For those accustomed to Qur’ān recitation, one Juzz can be recited in 20 minutes, with each page taking around a minute to recite. Multiply this by 30 and you have a figure of 600 minutes, which equates to 10 hours. This would mean that the Early Muslims would spend around 5 hours a day with the Qur’ān in the month Ramaḍān. Segmenting that over the day: before work, during lunch break, on the way home and a little more in the evening it suddenly seems possible. In fact, a friend recently told me that a female relative of his does exactly this. She reads the entire Qur’ān once every two days. She has children, takes care of the home but spends every spare minute opening the Qur’ān and reciting.

Can We Recite Quickly?

In his al-Adab al-Shari’ah, Ibn Muflih explains that so long as one pronounces the letters of the Qur’ān properly he may recite it quickly.

Shaykh ‘Abdul ‘Aziz al-Tarīfi was asked whether it is better to recite the Qur’ān slowly with reflection rather than quickly but in greater quantity. He replied that as for the person who is ignorant of what the Qur’ān speaks of, such as what the Qur’ān has made ḥalāl and ḥarām, what it has made wājib and so on; then such a person with this basic understanding should not recite at speed. As for those who are generally aware of the key messages of the Qur’ān and what it has made ḥalāl and ḥarām then there is nothing wrong with reciting at speed during this blessed month of Ramaḍān.

2 – Night Prayers (Qiyām al-Layl)

There is nothing more beloved to Allāh, Exalted is He, than performing the obligatory acts of worship such as the five prayers. Whoever can safeguard those prayers whilst also praying optional prayers like the Tarawīh and Qiyām should aspire to be like the Early Muslims in this regard.

It is reported by al-Bayhaqi that ‘Umar b. Khattāb would instruct Ubay b. Ka’b and Tamim al-Dari to lead the people in prayer during Ramaḍān. They would read the long surah (al-Mi’in- those whose verses number in the hundreds) and some people would have to use a staff to keep themselves standing. They would finish their Qiyām close to the time of Fajr.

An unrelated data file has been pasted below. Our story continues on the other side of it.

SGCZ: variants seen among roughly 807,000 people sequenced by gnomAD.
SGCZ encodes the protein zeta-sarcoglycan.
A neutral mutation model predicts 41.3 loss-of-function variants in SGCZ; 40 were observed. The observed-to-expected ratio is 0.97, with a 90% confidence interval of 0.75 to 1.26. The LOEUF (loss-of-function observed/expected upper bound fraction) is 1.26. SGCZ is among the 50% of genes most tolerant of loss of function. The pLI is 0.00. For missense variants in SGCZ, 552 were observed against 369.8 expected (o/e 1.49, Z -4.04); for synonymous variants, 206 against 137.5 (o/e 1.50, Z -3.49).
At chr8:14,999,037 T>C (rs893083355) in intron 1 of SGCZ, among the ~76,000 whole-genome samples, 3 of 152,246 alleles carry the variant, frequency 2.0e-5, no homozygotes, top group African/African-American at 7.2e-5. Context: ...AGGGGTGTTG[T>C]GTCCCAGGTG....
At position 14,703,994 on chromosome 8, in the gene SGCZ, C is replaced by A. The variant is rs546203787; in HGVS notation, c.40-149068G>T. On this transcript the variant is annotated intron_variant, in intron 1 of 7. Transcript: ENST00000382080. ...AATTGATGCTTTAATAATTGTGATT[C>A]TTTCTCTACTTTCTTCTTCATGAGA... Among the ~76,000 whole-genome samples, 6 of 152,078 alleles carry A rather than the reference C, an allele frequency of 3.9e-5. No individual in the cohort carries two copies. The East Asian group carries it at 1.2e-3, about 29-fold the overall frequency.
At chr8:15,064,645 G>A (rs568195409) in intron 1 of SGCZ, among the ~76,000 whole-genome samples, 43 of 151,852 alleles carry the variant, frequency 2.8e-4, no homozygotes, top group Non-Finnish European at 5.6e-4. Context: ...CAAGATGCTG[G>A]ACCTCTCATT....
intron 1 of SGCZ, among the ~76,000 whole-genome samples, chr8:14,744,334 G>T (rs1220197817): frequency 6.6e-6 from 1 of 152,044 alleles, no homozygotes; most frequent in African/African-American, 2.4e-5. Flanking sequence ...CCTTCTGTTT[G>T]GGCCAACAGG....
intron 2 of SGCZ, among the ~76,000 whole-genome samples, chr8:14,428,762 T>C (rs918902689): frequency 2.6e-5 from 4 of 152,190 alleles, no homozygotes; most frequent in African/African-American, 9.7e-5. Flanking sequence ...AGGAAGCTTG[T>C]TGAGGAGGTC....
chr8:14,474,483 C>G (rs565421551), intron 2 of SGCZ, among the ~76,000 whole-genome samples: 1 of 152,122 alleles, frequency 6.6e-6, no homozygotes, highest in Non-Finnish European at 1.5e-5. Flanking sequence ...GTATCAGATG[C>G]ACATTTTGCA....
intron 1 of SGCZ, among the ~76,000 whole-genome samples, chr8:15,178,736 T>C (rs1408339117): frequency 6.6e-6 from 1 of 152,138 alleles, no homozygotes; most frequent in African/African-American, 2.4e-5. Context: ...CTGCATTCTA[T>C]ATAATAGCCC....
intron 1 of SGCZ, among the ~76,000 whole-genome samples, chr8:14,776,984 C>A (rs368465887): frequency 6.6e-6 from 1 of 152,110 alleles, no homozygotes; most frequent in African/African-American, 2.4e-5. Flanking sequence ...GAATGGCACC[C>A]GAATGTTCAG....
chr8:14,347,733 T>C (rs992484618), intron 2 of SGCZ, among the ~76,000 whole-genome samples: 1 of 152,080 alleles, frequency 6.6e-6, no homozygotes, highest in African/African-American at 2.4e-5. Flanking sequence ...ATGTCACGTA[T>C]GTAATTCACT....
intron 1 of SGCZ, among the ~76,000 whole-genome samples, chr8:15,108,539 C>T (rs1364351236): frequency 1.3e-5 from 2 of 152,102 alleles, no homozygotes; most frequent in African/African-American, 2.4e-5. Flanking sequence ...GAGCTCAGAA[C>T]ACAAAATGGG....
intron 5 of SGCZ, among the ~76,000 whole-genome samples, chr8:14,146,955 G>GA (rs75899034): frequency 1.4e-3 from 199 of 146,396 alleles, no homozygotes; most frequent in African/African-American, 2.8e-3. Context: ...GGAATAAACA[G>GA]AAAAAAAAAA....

It is reported in the Muwata of Imam Malik that the son of Abu Bakr al-Ṣiddiq, ‘Abdullah, said that he heard his father say that we would finish our Qiyām and hurry to eat our food out of fear that Fajr would begin.

These reports indicate that some of the Early Muslims would spend more time in Qiyām than in the Tarawīh prayer. Consider the following narration about Ibn ‘Umar. A report by al-Bayhaqi says that he would pray at home during Ramaḍān and when the people would leave the Masjid he would grab his leather water-skin and go the Masjid of the Prophet (sall Allāhu ʿalayhi wa sallam) and not leave until he had prayed Fajr.[6]

Can I Cheat Sleep?

The narrations about the Early Muslims and their Night Prayers demonstrates that they would reduce their sleep during Ramaḍān. According to a recent research conducted by a PhD student at Oxford, a Polyphasic Sleep pattern, in which a person only sleeps for a total 4.5 hours a day, can allow for a productive day with less sleep. The science behind this sleep model shows that a 3.5 hour sleep at night with three 20 min naps during the day (which could be at lunch, break and then at home) can suffice a person without compromising on their productivity. Indeed the student conducted the experiment on himself whilst doing the PhD.[7]

3 – Charitable Acts (adaqa)

Ibn ‘Abbas beautifully described the generosity of the Prophet (sall Allahu ʿalayhi wa sallam) when he said: ‘He was the most generous of all people…and when Ramaḍān came he would become even more generous such that he became like the blowing wind’.[8]

Following in his footsteps we find that Ibn ‘Umar would only ever break his fast with the poor. His family would request him to break the fast with them but he would refuse and reprimand them.